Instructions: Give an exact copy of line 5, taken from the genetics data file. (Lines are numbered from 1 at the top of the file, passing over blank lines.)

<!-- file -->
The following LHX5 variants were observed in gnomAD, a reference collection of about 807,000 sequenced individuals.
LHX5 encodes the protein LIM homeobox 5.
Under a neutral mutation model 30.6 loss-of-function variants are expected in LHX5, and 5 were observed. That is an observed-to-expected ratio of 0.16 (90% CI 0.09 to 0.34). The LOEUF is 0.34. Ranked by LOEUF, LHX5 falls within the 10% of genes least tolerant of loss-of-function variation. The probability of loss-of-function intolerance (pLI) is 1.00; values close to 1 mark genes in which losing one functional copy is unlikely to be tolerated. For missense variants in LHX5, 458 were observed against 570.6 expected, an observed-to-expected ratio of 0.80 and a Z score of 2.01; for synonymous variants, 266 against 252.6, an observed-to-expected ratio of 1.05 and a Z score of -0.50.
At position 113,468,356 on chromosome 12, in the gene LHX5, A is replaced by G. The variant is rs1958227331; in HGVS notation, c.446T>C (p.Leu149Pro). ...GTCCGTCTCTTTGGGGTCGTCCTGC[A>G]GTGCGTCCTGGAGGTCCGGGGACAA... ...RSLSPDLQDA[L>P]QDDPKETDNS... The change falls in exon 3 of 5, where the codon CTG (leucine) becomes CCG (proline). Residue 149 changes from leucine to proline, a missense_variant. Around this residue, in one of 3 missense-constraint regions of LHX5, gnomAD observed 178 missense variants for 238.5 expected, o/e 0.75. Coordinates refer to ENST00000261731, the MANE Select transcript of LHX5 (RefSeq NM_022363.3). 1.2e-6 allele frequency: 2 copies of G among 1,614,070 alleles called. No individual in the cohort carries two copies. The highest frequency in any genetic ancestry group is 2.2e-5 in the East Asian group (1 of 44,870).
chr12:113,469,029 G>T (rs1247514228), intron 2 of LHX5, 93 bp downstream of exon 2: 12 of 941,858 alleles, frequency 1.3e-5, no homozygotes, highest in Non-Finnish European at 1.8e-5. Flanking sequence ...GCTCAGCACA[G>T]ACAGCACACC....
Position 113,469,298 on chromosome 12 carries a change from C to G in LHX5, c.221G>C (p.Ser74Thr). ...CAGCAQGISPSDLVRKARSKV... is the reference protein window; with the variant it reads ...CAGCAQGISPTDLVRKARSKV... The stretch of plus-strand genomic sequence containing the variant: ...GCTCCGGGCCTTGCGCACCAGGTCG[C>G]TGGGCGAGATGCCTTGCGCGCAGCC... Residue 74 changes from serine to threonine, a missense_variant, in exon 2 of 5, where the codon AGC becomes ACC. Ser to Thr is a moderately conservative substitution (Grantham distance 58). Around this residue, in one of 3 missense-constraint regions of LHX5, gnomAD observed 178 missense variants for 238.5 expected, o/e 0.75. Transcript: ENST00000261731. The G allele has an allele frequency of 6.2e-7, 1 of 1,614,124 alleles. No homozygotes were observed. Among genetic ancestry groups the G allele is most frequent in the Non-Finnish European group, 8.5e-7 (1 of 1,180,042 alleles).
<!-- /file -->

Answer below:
chr12:113,469,029 G>T (rs1247514228), intron 2 of LHX5, 93 bp downstream of exon 2: 12 of 941,858 alleles, frequency 1.3e-5, no homozygotes, highest in Non-Finnish European at 1.8e-5. Flanking sequence ...GCTCAGCACA[G>T]ACAGCACACC....